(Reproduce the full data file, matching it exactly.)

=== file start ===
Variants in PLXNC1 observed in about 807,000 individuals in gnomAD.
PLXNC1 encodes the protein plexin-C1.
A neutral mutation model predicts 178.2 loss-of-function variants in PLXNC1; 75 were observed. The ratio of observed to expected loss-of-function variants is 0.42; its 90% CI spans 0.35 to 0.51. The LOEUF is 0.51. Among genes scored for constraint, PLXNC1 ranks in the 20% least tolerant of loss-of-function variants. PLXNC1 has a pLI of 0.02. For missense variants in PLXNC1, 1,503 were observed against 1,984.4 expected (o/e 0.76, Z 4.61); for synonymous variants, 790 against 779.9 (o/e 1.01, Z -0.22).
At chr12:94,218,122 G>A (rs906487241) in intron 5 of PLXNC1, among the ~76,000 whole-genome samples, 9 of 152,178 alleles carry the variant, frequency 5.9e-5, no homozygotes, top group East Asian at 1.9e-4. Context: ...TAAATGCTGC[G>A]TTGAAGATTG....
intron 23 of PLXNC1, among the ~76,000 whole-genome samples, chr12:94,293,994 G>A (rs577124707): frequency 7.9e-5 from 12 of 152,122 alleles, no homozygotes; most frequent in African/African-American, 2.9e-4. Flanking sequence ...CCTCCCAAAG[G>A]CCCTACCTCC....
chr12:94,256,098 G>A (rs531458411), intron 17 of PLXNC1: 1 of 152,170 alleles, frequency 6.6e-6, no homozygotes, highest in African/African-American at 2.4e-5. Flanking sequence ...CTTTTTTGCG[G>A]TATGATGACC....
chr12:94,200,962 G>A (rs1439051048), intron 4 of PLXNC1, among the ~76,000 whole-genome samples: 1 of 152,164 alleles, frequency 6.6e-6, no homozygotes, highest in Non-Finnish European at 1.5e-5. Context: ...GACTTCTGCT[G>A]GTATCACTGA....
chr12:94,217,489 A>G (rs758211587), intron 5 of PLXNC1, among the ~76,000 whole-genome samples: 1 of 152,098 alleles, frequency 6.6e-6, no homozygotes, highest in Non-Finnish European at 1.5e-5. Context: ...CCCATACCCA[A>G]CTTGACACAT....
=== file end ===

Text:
Variants in PLXNC1 observed in about 807,000 individuals in gnomAD.
PLXNC1 encodes the protein plexin-C1.
A neutral mutation model predicts 178.2 loss-of-function variants in PLXNC1; 75 were observed. The ratio of observed to expected loss-of-function variants is 0.42; its 90% CI spans 0.35 to 0.51. The LOEUF is 0.51. Among genes scored for constraint, PLXNC1 ranks in the 20% least tolerant of loss-of-function variants. PLXNC1 has a pLI of 0.02. For missense variants in PLXNC1, 1,503 were observed against 1,984.4 expected (o/e 0.76, Z 4.61); for synonymous variants, 790 against 779.9 (o/e 1.01, Z -0.22).
At chr12:94,218,122 G>A (rs906487241) in intron 5 of PLXNC1, among the ~76,000 whole-genome samples, 9 of 152,178 alleles carry the variant, frequency 5.9e-5, no homozygotes, top group East Asian at 1.9e-4. Context: ...TAAATGCTGC[G>A]TTGAAGATTG....
intron 23 of PLXNC1, among the ~76,000 whole-genome samples, chr12:94,293,994 G>A (rs577124707): frequency 7.9e-5 from 12 of 152,122 alleles, no homozygotes; most frequent in African/African-American, 2.9e-4. Flanking sequence ...CCTCCCAAAG[G>A]CCCTACCTCC....
chr12:94,256,098 G>A (rs531458411), intron 17 of PLXNC1: 1 of 152,170 alleles, frequency 6.6e-6, no homozygotes, highest in African/African-American at 2.4e-5. Flanking sequence ...CTTTTTTGCG[G>A]TATGATGACC....
chr12:94,200,962 G>A (rs1439051048), intron 4 of PLXNC1, among the ~76,000 whole-genome samples: 1 of 152,164 alleles, frequency 6.6e-6, no homozygotes, highest in Non-Finnish European at 1.5e-5. Context: ...GACTTCTGCT[G>A]GTATCACTGA....
chr12:94,217,489 A>G (rs758211587), intron 5 of PLXNC1, among the ~76,000 whole-genome samples: 1 of 152,098 alleles, frequency 6.6e-6, no homozygotes, highest in Non-Finnish European at 1.5e-5. Context: ...CCCATACCCA[A>G]CTTGACACAT....